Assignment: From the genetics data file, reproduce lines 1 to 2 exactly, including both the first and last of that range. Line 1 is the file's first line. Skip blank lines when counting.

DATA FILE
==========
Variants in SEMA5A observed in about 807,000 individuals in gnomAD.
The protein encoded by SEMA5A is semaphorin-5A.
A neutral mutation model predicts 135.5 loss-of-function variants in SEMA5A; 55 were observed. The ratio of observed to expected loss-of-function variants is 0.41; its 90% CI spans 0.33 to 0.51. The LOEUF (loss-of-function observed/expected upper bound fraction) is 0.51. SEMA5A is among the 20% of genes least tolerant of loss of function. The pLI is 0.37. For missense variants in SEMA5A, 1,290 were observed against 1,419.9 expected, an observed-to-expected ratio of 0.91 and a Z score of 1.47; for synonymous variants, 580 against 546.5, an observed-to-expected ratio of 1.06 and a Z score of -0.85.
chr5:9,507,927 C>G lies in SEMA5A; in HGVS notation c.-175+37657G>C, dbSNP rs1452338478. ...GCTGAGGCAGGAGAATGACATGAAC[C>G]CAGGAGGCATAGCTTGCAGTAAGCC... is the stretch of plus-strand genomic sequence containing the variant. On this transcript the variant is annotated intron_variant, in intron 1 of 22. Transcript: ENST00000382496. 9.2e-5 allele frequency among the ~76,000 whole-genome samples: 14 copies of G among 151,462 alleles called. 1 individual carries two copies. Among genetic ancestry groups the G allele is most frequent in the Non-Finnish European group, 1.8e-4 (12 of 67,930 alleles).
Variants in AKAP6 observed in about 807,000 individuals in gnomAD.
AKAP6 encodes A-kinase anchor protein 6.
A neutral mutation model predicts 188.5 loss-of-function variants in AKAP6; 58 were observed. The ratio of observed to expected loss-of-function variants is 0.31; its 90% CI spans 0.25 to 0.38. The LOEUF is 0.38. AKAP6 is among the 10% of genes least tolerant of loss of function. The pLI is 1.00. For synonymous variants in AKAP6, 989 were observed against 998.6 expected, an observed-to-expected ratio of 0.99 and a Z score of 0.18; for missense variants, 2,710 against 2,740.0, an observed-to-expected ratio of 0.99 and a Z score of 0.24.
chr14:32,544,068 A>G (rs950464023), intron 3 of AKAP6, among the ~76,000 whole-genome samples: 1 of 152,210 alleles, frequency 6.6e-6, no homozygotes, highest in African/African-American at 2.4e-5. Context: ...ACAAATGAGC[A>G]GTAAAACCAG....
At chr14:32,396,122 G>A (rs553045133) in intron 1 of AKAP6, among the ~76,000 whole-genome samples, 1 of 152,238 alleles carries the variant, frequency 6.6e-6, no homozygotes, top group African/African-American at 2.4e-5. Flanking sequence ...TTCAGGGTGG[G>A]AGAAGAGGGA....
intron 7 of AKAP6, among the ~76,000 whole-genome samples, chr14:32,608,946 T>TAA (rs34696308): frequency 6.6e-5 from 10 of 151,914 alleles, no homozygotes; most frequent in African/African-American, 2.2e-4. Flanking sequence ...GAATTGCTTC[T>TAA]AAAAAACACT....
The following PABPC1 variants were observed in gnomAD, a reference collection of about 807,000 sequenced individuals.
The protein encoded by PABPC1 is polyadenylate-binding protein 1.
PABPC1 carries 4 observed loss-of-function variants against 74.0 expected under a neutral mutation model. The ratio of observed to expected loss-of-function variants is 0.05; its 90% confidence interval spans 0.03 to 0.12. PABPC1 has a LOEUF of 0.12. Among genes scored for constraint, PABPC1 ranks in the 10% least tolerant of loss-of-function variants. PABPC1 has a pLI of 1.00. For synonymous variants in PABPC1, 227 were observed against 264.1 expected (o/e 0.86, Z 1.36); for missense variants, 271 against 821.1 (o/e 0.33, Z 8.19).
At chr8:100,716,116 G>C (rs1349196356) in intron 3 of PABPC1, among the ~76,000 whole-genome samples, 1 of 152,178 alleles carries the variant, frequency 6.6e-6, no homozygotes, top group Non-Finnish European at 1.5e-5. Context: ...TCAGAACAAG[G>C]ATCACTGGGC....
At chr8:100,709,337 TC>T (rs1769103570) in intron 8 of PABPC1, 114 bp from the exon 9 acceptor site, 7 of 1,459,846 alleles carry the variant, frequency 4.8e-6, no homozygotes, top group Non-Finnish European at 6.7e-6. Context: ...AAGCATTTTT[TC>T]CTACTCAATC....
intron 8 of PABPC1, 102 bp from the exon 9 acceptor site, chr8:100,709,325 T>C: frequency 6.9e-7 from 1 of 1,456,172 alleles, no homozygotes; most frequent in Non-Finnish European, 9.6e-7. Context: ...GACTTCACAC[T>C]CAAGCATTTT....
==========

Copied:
Variants in SEMA5A observed in about 807,000 individuals in gnomAD.
The protein encoded by SEMA5A is semaphorin-5A.